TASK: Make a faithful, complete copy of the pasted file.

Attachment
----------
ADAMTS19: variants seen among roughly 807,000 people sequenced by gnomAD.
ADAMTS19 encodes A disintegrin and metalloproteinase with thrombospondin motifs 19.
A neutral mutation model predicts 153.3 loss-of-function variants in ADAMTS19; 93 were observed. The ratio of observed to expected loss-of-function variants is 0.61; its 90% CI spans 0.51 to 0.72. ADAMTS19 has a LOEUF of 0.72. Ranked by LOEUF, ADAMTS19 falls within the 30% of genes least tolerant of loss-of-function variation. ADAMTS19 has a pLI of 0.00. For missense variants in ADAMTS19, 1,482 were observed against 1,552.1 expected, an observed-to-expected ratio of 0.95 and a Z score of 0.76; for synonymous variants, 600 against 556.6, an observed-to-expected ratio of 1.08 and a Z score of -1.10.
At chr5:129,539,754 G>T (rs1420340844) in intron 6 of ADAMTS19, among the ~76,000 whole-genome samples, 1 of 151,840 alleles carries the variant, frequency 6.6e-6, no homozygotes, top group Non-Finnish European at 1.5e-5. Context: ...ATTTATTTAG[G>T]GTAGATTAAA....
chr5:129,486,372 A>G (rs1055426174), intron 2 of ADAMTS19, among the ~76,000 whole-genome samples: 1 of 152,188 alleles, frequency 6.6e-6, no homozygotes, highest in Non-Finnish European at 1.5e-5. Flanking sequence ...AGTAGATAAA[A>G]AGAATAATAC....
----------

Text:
ADAMTS19: variants seen among roughly 807,000 people sequenced by gnomAD.
ADAMTS19 encodes A disintegrin and metalloproteinase with thrombospondin motifs 19.
A neutral mutation model predicts 153.3 loss-of-function variants in ADAMTS19; 93 were observed. The ratio of observed to expected loss-of-function variants is 0.61; its 90% CI spans 0.51 to 0.72. ADAMTS19 has a LOEUF of 0.72. Ranked by LOEUF, ADAMTS19 falls within the 30% of genes least tolerant of loss-of-function variation. ADAMTS19 has a pLI of 0.00. For missense variants in ADAMTS19, 1,482 were observed against 1,552.1 expected, an observed-to-expected ratio of 0.95 and a Z score of 0.76; for synonymous variants, 600 against 556.6, an observed-to-expected ratio of 1.08 and a Z score of -1.10.
At chr5:129,539,754 G>T (rs1420340844) in intron 6 of ADAMTS19, among the ~76,000 whole-genome samples, 1 of 151,840 alleles carries the variant, frequency 6.6e-6, no homozygotes, top group Non-Finnish European at 1.5e-5. Context: ...ATTTATTTAG[G>T]GTAGATTAAA....
chr5:129,486,372 A>G (rs1055426174), intron 2 of ADAMTS19, among the ~76,000 whole-genome samples: 1 of 152,188 alleles, frequency 6.6e-6, no homozygotes, highest in Non-Finnish European at 1.5e-5. Flanking sequence ...AGTAGATAAA[A>G]AGAATAATAC....